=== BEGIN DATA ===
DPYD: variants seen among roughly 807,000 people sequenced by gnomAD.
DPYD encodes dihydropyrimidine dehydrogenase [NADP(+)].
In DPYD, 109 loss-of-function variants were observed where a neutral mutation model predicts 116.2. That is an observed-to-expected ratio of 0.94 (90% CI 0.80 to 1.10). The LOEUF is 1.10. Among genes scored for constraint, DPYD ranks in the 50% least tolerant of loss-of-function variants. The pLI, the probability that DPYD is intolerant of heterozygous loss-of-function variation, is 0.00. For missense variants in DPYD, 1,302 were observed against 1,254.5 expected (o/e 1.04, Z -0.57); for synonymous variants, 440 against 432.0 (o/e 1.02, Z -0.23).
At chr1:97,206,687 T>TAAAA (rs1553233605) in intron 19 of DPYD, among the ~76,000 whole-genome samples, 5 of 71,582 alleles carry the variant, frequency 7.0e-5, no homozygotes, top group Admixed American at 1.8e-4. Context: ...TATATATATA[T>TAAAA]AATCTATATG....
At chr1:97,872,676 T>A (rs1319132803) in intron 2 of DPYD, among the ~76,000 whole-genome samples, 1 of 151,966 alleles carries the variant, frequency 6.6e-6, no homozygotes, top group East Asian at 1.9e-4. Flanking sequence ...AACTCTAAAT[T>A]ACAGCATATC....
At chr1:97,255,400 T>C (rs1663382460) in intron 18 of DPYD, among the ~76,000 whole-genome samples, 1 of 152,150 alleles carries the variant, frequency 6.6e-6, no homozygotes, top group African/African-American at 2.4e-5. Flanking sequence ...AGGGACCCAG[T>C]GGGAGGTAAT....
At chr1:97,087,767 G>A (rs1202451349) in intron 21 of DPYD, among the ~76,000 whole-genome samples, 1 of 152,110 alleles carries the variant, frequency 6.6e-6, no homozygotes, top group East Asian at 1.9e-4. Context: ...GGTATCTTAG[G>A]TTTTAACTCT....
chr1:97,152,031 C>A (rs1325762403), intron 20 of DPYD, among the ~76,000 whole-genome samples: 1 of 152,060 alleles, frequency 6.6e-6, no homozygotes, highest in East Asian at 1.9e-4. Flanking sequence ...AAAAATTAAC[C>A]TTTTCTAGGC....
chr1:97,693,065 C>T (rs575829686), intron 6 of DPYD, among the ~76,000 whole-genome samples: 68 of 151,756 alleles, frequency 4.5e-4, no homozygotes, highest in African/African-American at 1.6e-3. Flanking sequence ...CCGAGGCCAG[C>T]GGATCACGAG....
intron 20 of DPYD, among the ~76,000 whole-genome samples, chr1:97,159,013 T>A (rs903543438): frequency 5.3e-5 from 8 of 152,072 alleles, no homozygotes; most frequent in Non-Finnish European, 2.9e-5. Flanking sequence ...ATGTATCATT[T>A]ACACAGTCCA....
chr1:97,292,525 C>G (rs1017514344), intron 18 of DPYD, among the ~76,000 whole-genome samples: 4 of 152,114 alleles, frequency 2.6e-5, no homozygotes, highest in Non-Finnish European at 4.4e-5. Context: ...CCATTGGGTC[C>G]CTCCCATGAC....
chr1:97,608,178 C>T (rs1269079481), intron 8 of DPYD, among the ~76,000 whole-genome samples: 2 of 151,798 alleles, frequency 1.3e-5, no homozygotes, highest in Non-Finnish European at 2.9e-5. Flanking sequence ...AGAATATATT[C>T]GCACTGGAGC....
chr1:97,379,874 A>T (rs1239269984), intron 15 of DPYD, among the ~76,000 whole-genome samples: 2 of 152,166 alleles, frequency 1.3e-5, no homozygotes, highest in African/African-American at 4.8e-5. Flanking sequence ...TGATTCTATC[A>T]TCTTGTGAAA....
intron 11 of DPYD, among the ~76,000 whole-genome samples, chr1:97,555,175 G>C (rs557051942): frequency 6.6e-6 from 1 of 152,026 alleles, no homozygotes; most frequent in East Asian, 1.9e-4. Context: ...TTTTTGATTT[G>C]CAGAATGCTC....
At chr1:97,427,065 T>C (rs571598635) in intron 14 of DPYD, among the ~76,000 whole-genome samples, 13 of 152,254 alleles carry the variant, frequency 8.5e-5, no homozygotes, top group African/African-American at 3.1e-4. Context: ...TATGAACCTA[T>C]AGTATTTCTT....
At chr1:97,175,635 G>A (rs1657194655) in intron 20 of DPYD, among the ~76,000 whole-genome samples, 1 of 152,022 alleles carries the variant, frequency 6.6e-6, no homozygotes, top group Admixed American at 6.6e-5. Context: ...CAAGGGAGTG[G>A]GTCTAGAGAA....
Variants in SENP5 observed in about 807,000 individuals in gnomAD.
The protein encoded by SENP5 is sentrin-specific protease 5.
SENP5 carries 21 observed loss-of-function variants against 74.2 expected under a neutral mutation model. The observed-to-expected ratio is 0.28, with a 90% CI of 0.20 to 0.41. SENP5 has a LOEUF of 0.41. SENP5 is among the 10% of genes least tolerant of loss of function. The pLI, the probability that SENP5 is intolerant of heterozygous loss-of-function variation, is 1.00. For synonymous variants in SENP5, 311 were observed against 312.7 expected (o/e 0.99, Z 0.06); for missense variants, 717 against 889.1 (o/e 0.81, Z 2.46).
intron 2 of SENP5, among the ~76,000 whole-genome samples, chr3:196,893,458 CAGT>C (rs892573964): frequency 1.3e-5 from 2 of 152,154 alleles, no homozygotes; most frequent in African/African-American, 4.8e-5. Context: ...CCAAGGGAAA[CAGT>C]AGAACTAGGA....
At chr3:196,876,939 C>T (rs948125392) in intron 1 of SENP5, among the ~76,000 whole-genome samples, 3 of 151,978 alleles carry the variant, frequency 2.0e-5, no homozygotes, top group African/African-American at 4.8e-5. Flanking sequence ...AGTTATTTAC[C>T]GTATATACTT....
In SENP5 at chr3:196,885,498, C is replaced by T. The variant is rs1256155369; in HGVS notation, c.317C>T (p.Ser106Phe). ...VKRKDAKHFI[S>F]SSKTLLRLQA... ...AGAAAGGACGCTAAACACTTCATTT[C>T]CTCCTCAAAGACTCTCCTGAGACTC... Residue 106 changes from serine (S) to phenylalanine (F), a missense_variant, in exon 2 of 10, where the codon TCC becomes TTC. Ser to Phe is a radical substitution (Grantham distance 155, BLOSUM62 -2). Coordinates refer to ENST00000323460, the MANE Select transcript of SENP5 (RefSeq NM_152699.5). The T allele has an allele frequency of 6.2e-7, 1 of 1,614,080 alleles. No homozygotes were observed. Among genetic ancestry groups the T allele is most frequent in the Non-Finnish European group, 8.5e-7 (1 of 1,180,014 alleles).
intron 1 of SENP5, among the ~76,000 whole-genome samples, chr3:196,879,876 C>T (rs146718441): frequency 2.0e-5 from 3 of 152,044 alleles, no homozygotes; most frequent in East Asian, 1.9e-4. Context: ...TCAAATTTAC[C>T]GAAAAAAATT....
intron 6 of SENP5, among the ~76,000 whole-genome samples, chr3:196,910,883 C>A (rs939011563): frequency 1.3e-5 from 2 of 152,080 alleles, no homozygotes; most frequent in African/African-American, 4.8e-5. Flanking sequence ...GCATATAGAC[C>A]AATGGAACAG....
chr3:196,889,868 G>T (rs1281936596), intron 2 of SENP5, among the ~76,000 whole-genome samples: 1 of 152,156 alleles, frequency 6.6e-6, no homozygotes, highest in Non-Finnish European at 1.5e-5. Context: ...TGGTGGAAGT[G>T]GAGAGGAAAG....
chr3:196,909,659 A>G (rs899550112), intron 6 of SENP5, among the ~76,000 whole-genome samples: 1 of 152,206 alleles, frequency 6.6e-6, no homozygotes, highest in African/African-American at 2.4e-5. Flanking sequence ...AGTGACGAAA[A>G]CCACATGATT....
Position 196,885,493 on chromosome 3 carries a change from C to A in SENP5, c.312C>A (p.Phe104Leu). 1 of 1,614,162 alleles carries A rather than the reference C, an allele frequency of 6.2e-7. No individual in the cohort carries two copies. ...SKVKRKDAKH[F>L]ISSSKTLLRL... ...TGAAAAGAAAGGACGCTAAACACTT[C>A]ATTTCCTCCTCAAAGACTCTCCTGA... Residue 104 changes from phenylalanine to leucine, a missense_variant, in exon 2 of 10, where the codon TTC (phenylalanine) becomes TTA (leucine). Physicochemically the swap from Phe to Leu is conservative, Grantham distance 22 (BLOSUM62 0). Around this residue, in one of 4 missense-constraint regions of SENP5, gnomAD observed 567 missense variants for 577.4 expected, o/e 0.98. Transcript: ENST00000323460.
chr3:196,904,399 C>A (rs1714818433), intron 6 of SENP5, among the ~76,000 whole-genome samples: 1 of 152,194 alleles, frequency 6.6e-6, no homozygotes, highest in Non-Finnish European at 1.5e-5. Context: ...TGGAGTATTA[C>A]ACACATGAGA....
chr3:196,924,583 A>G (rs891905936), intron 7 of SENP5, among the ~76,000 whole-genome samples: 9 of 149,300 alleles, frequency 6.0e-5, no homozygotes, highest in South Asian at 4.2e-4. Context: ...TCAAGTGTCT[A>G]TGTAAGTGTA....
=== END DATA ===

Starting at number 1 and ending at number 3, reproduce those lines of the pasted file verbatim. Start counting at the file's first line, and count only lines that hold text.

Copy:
DPYD: variants seen among roughly 807,000 people sequenced by gnomAD.
DPYD encodes dihydropyrimidine dehydrogenase [NADP(+)].
In DPYD, 109 loss-of-function variants were observed where a neutral mutation model predicts 116.2. That is an observed-to-expected ratio of 0.94 (90% CI 0.80 to 1.10). The LOEUF is 1.10. Among genes scored for constraint, DPYD ranks in the 50% least tolerant of loss-of-function variants. The pLI, the probability that DPYD is intolerant of heterozygous loss-of-function variation, is 0.00. For missense variants in DPYD, 1,302 were observed against 1,254.5 expected (o/e 1.04, Z -0.57); for synonymous variants, 440 against 432.0 (o/e 1.02, Z -0.23).